Ask any of the locals around where to get the best cinque e cinque and they will point you to Antica Torteria al Mercato da Gargarin (Via del Cardinale, 24, Livorno. Closed Sundays), a hole in the wall shop outside of Livorno’s Central Market (hint, wherever there is a market, there is good street food). It’s all they have done for 52 years.
They not only offer plain torta di ceci, or simple cinque e cinque but also the most heavenly snack of cinque e cinque con melanzane – two generous portions of torta di ceci sandwiching a thick slice of grilled eggplant marinated in garlic and chilli, on a baguette or schiacciata that will set you back €2.80. Have it with a glass of the old-school spuma bionda (a ginger beer-like soft drink) and you won’t need to eat for the rest of the day.
Street food should always be dirt cheap, if you ask me. It goes with not having a plate or cutlery to eat with, or having to stand or sit on a curb while eating and it’s all part of the charm. Torta di ceci has always been a cheap snack. In fact, chickpea flour in this area of Tuscany’s coast has been used for centuries, a sign that traditionally good, white flour was once scarce or expensive. Alternatives to regular wheat flour are still an important tradition in Tuscany, and tend to be traditionally ancient and frugal options, such as chestnut flour, which is commonly used in the mountainous area of the Garfagnana near Lucca.
The beauty of this dish is the chickpea flour’s naturally dense, almost smoky flavour, and the resulting crispy top and creamy middle. They say that the recipe’s origins are in the sea-faring port of Genova in Liguria, which is enough to understand how this popular dish spread to other port towns like Nice and Livorno. In fact, it is extremely similar to the favourite street snack of the neighbouring coastal region of Liguria, farinata, which is often embellished with freshly sliced seasonal vegetables such as artichokes or simply with rosemary (be sure to check out the blog post by my friend Michael from the Artichoke Blog with his recipe for artichoke farinata - you’ll see how similar the recipes are and there’s a great 30 second video that shows you how both torta di ceci and farinata are traditionally made).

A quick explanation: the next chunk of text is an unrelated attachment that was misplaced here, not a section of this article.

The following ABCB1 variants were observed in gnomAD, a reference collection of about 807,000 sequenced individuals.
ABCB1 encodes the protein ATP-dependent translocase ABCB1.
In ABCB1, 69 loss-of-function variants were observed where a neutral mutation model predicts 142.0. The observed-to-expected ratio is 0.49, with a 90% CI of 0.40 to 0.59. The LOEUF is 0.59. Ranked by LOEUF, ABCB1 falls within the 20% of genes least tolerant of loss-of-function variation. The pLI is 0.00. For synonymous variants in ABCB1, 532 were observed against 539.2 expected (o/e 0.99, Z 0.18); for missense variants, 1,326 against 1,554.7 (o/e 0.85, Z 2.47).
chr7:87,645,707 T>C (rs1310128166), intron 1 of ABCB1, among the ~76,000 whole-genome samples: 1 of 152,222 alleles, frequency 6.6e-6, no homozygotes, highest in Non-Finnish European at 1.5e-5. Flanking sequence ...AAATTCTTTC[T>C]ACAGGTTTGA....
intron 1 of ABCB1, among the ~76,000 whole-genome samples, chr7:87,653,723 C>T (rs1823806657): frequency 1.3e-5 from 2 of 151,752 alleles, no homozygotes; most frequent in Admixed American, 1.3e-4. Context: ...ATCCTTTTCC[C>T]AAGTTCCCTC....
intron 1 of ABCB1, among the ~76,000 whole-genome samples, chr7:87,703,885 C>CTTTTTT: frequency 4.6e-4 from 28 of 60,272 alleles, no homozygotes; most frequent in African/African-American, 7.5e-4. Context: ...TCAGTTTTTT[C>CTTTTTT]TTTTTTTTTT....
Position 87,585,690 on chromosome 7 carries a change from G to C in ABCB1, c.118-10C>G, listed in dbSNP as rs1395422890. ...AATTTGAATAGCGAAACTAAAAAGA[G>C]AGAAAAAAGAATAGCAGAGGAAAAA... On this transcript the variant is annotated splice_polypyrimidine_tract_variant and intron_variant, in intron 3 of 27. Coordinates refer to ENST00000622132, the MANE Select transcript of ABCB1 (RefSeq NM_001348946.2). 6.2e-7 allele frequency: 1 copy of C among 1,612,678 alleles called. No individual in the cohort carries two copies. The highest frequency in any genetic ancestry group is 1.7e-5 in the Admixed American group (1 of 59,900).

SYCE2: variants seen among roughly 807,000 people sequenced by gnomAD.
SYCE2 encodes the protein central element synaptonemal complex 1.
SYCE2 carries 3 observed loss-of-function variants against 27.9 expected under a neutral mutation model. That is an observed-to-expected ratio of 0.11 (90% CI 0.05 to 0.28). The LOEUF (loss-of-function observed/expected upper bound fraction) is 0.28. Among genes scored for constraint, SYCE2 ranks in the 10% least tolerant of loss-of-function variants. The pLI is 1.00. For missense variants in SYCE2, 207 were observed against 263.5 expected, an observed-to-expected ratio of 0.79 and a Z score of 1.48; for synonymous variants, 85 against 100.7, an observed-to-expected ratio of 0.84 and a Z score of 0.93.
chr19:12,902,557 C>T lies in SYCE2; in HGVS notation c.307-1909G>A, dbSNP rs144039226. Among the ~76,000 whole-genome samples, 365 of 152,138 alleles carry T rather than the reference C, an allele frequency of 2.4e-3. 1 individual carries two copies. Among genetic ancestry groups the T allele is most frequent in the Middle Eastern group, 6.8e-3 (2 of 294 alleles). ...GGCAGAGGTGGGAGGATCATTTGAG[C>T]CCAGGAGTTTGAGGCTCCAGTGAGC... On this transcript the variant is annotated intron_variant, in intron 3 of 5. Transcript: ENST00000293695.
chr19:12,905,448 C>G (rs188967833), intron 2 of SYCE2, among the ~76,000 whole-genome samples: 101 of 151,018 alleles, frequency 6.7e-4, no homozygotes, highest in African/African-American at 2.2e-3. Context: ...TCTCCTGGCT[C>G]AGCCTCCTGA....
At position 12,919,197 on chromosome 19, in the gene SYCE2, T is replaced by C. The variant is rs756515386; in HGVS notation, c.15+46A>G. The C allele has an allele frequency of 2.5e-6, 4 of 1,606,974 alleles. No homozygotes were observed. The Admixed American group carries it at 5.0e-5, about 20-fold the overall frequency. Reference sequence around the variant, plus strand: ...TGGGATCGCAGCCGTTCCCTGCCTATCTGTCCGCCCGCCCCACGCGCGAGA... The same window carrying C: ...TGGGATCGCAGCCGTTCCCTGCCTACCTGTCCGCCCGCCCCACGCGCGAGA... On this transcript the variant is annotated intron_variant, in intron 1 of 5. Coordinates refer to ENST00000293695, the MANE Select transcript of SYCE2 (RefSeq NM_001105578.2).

Torta di ceci
You will need a scorching hot oven and a pizza pan that is as wide as will fit in your oven. If you want to make this into a worthy Livornese cinque e cinque snack, you will also need a nice crusty baguette or soft focaccia roll and a spuma bionda – ginger beer could be a good substitute.
- 1 part chickpea flour
- 3 parts water
- pinch of salt
- 1 tbs olive oil, plus more for greasing
- freshly ground black pepper
- extra Virgin olive oil
Combine the flour and water together bit by bit to avoid creating lumps in the batter. When this is blended together and perfectly smooth, add the salt and olive oil to combine. Let the mixture rest for about 30 minutes.
Heat the oven to as high as you can, around 250°C (480°F).
Oil a pizza tray with olive oil and pour in the batter, turning to cover the surface completely. It should be about 3mm thick but not more. Bake in hot oven until golden brown and crispy on top.
Serve hot with freshly ground black pepper and a beautiful, green extra virgin olive oil from the Etruscan coast.